AN INSIDER BREAKS DOWN THE HUGE CRYPTO GAME
By Lauren deLisa Coleman
(AllHipHop Features) As we all know, the crypto game is becoming bigger and bigger. Artists from TI to Snoop to Ghostface more and more artists are working with tech players to drive this new, digital currency. Here’s what you need to know about it right now via Frank E. Banks, tech insider and CEO and founder of ZEN a new start up that integrates video and cryptocurrency for the youth market
AllHipHop: So why is crypto so hot right now and what are the top 3 things to know/understand?
Frank E. Banks: The main reason crypto is hot is because it’s a brand new type of money, pure and simple. People are mysteriously making fantastic fortunes seemingly out of thin air, and it’s not all the same usual Silicon Valley geeks and their financiers. It’s a bigger, crazier, global version of the dotcom speculative boom but with a bunch of Asians and Russians in it.
My top three things anyone interested in this area should know are:
Crypto is all about establishing an alternate form of money and assets, so bitcoin, not dollars and ICOs not the New York Stock Exchange.
It will eventually affect your life even if you don’t want it to. So learn about it.
It could be one of the greatest ways to drive new wealth for underrepresented communities, if we pay attention and get smart.
AllHipHop: Why is crypto such a draw for hip hop likeRipple collaborating with Snoop and other partnerships?
FB: Because Black people are obsessed with the money and power that has historically been out of our reach, and has been the subtext for so much hip hop music. For a people who have lacked agency crypto seems like a crazy opportunity, and it actually is. For the companies reaching out to them, they know the power of hip hop so they want to partner with major names to help get as big a buzz as possible about their particular company’s coins.
AllHipHop: What are some of the drawbacks about crypto, in general?
FB: I think the main drawbacks are: the technology is complex; and that coupled with general financial illiteracy in the black community means it can be intimidating for the people it could help the most. And there’s a ton of noise and shady characters people have to navigate through, not to mention the volatility of many cryptocurrencies themselves.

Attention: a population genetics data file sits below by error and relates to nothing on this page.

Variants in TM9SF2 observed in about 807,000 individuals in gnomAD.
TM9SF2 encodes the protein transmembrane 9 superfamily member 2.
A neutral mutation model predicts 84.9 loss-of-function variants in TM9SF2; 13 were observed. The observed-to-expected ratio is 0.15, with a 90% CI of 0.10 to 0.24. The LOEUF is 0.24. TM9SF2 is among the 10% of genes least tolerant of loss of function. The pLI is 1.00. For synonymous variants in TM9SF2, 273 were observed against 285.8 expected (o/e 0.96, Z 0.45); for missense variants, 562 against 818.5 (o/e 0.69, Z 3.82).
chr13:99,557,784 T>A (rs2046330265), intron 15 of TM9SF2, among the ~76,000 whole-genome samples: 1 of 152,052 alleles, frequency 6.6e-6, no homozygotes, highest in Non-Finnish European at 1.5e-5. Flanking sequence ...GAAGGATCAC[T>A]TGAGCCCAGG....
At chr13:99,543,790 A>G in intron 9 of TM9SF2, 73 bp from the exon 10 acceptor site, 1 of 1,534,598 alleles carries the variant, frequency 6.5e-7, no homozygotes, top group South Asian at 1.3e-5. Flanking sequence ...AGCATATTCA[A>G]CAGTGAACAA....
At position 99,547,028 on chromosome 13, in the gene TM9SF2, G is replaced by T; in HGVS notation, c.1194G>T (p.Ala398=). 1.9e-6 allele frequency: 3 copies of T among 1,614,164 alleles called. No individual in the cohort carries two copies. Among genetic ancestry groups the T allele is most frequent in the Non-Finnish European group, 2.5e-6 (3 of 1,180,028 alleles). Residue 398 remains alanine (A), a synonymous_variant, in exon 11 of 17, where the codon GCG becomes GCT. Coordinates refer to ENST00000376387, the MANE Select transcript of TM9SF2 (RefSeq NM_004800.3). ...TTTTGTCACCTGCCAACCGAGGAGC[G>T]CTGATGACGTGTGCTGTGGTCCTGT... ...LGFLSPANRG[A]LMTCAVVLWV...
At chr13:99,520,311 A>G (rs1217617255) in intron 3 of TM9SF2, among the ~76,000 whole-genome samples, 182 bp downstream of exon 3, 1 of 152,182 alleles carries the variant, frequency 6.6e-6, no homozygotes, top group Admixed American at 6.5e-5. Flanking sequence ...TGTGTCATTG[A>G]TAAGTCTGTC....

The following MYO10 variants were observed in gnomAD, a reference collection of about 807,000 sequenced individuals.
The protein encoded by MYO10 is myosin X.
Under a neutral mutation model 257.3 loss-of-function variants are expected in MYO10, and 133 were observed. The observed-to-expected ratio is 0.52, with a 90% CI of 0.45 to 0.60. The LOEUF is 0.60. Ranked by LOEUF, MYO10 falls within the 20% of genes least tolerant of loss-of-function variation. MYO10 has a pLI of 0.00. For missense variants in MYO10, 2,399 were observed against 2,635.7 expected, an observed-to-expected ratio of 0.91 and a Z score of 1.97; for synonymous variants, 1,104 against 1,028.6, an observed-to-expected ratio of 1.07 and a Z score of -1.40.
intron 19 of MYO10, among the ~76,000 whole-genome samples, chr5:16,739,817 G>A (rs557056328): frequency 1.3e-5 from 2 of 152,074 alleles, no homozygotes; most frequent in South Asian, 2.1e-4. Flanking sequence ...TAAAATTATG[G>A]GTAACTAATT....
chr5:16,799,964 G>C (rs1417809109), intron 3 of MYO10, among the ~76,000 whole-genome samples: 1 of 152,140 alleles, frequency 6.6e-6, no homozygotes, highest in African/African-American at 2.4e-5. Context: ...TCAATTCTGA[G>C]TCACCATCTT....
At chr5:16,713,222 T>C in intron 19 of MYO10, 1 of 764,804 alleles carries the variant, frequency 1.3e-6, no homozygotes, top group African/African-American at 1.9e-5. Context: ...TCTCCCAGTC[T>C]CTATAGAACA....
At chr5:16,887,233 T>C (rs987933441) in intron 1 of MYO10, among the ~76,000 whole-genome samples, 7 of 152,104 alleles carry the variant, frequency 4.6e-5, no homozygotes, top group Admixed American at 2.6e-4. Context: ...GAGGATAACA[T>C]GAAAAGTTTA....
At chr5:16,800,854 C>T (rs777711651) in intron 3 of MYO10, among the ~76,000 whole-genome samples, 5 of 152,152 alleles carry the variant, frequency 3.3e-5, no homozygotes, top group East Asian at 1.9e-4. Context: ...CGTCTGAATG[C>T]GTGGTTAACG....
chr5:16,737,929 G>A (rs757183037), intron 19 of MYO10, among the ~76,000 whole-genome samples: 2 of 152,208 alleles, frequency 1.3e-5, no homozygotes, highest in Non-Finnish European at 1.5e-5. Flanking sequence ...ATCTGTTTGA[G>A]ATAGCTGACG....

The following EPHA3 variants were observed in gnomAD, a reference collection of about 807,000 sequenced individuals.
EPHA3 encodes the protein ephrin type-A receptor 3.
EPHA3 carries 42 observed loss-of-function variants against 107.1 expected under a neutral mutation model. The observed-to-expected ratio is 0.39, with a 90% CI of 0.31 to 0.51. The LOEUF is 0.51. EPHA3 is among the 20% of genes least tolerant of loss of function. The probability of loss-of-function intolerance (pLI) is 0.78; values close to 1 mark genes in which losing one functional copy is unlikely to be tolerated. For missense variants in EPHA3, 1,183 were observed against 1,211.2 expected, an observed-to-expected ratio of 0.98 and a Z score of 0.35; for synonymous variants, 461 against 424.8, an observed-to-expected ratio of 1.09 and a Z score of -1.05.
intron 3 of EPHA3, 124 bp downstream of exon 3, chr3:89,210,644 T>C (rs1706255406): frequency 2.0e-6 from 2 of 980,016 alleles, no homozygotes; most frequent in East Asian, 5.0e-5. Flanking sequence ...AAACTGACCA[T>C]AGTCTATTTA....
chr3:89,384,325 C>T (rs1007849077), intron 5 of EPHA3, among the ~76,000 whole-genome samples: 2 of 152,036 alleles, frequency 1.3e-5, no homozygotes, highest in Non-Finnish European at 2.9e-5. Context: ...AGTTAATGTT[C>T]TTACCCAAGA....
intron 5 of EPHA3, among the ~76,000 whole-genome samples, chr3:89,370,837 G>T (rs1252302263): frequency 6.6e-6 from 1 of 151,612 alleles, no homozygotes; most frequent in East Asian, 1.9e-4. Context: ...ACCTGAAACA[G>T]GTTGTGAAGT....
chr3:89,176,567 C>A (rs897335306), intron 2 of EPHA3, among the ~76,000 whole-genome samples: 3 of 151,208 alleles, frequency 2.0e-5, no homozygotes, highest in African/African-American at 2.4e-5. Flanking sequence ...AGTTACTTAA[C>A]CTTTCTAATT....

Also, I personally think it has a bunch of people believing they’re gonna get rich day trading cryptocurrencies, and that has a 0% chance of happening.
So the problem is both that lots of people know too little and at the same time some people who think they know - but are actually clueless about how all this is going to play out.
AllHipHop: What drew you to the area and how did you obtain the resources to create your startup?
FB: Our friends and family kicked in a bit, but we’ve mainly raised money through our pre-ICO which allows us to get investments from almost anyone at a minimum of $100 a pop. It’s kind of like a Kickstarter for our business. We’ve raised over $200K and counting so far just through ).
I was drawn into this particular space for a number of reasons including I saw a market opportunity to create a new type of social media business that treats the content creators as stakeholders. I also think it’s probably the first time in the history of the tech biz where black folks have an actual advantage. Pop culture drives social media and we drive pop culture. These things never intersected this way before.
AllHipHop: What was it like working at Zynga (creators of such games as”Farmville”) particularly as a person of color?
FB: I worked at Zynga during its heyday, when it was growing insanely fast and making huge Facebook social games like Mafia Wars and FarmVille. It was both one of the most successful things I’ve done in my life and also one of the most frustrating. Building software to support millions of users worldwide was exciting, and it was thrilling to be part of the earliest days of the social media explosion. But less than 1% of the staff were African American and it became clear to me that to really achieve my own goals - and create opportunity in my community - I would need to strike out on my own.
AllHipHop: How did you get the idea for ZEN and what part do you see video related to music playing?
FB: I’ve been working in this space for years now. I had a video editing app called Zeme that was mainly used by Vine kids and, at one point, was pretty popular. It got over 250K downloads and made some money. I used to pay hundreds of Vine kids to promote Zeme and that’s where the original idea for ZEN came from. It originally stood for the Zeme Entertainment Network. The idea just evolved from there.
Music is the original augmented reality for film/video- it will always be a critical part of the experience that’s why I have applied it to my new startup.
AllHipHop: How else will we see crypto and music collide?
FB: There will be lots of ways, but one, in particular, is content-rights management. In other words, tracking who owns the music and gets paid when it gets streamed or used in another work like a video. There are quite a few people tackling that in some very interesting ways. Watch.